The march toward Industry 4.0 continues, and it seems businesses are more comfortable with their role in this transformation than ever before. Increasingly utilizing IoT as part of their business plans, new research from Information Services Group (ISG) found that companies are not only rapidly revamping their IoT plans, but they’re “growing more ambitious” with the scope of said plans. Businesses are now getting the long-term IoT treatment.
In practice, this means businesses are taking investments into connected device sensors, from tools and equipment to vehicles and buildings, and leveraging each use case’s layers of analytics to create actionable data sources that “derive higher-level business insights.”
But what’s driving this shift? Companies are not only looking to anticipate coming advances to connected technologies, but they’re now making these decisions informed by years of IoT trial runs.
“[There’s] a real shift moving from smaller projects, proofs of concepts, to enterprise-wide deployments,” said Kosten Metreweli, the co-founder and CSO of Sunlight.IO, a U.K.-based edge technology solutions company. “We’ve seen some significant improvements from these pilots, they got very real results, and now they want to expand across their businesses.”
Long-Term IoT Adoption Will Reshape Companies’ IT Workforces
As companies focus on making this shift, two vital areas of their companies are naturally blending together — the operational technology (OT) and information technology (IT) teams. Both areas are increasingly working together due to this more enterprise shift towards IoT, creating ripple effects on the directions and workloads of internal technology teams.
“Those two disciplines are kind of coming together and the much faster pace that IT tends to move at is now being carried across into operational technology, so that’s driving this need to kind of expand these projects out,” Metreweli said.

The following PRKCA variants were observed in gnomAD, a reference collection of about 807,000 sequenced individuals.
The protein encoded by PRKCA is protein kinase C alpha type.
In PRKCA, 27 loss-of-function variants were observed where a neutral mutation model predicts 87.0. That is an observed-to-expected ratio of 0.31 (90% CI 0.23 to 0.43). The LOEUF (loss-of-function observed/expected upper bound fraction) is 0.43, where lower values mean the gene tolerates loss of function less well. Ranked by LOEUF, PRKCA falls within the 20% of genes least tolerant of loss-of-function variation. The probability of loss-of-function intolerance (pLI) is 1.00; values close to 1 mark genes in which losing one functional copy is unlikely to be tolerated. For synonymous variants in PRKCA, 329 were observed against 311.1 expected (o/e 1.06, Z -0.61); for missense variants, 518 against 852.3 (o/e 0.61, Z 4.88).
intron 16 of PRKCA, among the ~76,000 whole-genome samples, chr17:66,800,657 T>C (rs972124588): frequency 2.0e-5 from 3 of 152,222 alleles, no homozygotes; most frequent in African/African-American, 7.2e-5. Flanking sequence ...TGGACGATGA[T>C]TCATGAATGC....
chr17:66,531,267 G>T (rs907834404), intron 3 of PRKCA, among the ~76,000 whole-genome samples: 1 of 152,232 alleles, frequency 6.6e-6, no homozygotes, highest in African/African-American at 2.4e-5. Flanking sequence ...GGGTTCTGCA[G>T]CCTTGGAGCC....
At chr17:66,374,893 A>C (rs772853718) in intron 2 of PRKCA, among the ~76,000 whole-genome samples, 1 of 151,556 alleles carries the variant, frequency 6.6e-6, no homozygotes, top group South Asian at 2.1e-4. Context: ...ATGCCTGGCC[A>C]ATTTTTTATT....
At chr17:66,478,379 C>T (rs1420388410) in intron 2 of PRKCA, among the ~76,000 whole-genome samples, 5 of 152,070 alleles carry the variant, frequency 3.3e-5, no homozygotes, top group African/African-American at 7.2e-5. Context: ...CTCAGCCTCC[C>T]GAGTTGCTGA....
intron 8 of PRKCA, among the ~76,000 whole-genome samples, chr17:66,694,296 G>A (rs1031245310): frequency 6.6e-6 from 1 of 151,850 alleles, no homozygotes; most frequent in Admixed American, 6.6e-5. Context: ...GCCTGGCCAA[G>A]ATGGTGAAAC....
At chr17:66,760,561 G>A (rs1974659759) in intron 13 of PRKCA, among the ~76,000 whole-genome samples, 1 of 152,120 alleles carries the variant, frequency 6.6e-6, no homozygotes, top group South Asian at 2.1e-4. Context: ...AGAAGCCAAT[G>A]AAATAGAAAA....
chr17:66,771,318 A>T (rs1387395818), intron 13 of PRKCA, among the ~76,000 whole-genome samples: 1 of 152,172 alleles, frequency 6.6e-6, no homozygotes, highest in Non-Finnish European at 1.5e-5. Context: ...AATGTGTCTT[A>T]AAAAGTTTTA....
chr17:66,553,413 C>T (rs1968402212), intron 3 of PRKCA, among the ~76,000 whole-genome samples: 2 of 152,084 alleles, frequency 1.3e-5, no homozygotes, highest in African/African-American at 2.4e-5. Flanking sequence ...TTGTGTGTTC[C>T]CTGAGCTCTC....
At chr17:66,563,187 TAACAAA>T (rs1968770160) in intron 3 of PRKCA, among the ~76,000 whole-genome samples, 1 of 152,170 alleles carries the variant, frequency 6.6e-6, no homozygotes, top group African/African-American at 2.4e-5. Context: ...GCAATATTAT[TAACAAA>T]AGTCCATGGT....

That fact is nothing new, as the two areas have been commonly integrated more and more in recent years. IoT isn’t just forcing companies to blend the expertise of their internal technology teams, but it’s motivating the more existential union of these practices. Per Tech Target, the growing desire to modernize equipment and bring physical devices into the oversight of digital device management is actually enabling IT/OT convergence in the first place. What is new, though, is the breadth of projects these blended teams are needing to manage.
This growing shift toward long-term IoT adoption is extremely important to professionals in the IoT industry, as its not just shaping what clients are asking for but it’s shaping their clients’ workloads and interactions with technology. Knowing the potential pain points that come from this level of adoption will be critical for solutions providers to guide end-user companies and keep momentum behind IoT strong.
For example. companies that are prioritizing long-term IoT and making investments into connected devices, even with enterprise-level vision, are realizing that getting their teams to learn the hardware systems, software systems, and building the skills it takes to understand IoT for their specific business remain obstacles to successful IoT deployments.
It’s not just an upskilling issue either; it’s a hiring issue, as well. Gartner’s 2021-2023 Emerging Technology Roadmap framed the gravity of this issue well, finding that 64% of IT executives reported talent shortages as the most significant barrier to investing in emerging technologies. As Metreweli puts it, it’s “one of the biggest problems” still looming over companies and their IoT solutions providers.